Women and Money: A Very, Very, Very Fine House

Today’s question: Will our plans to sell the house ruin our family?

Photograph by Getty Images

Dear Emma,

My husband and I will be retiring within the year and we told our two children, ages 33 and 35, that we plan to sell our house and buy a smaller, more affordable condo nearby. We’ve owned our big, old, beautiful home for nearly 40 years, and it is full of wonderful memories for all of us. Also, it’s in a neighborhood full of people who have been our community and close friends for decades.

My children are so angry with us for this move. They are both starting their own families — one is married with a baby, the second is engaged — and expressed their expectations that we would keep the house for their families to enjoy. They want their future kids to play on the tire swing in the backyard and have Easter egg hunts in the attic, just as they did growing up. My daughter surprised me by suggesting that she hoped to move into the house one day after we’re gone.

My husband and I are very open about our finances with our kids and they know that we could afford to keep the house. Instead, we are choosing a simpler lifestyle by moving into a condo, and prefer to use our money to travel and give to charity. Our kids, however, feel like we’re neglecting our responsibility to family tradition. Who is right?

— Overwhelmed in Oakland

Dear Overwhelmed,

People crave a homestead. It is important to know where you come from. Parents are compelled to show their children that place. Houses and land and neighborhoods form people, bridge one generation to the next, help us know ourselves. Your children’s dreams for your house are not petty or selfish. They are human and important. Because that building is such a profound piece of who they are, it is understandable why your kids feel they own claim to it.

However, the money you earn is your money to spend as you please ­— no matter the strong emotions of your family.

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I imagine you have considered staying put in your big beautiful house and recreating the same holidays you’ve celebrated there for generations. You’ve checked out that fantasy — your children’s fantasy — and have chosen a different life. You have that right to the condo and the travel and the charity. Of course, you will continue to be connected with your family and old neighbors in new and likely wonderful ways, and everyone will develop new traditions in new places.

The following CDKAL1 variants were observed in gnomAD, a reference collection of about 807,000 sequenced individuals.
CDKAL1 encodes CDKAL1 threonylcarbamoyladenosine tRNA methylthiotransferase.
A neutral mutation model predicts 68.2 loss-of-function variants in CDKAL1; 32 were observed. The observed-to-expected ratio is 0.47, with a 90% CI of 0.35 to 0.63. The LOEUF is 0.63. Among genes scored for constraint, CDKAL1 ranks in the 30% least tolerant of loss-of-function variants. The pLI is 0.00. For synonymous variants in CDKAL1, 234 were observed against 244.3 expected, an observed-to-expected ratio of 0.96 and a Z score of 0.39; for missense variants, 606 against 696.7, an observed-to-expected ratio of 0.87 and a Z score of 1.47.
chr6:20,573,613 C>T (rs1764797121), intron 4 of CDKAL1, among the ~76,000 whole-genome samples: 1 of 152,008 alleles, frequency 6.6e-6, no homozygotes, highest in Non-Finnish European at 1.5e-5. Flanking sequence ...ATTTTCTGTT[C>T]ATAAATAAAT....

But all of this also comes at a price, and perhaps your children need to hear you acknowledge that. Since the money is indeed for you and your husband to spend — and the family homestead is, as such, in your hands — you control the future of the family to a degree. This is heavy business. Make sure you sit with the gravity of it. Speak about it with your husband. Then articulate your recognition of the whole scenario to your kids. Then give your kids time to come to terms with the law of the land: They need to respect your wishes and not impose their own.

Once you’ve bought the new condo, hit up Crate & Barrel and make sure your new dining table has enough seats for everyone at Thanksgiving.

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Emma Johnson blogs at WealthySingleMommy. She is a freelance business and personal finance journalist, and mom of two. Send her your questions at

Tags: money

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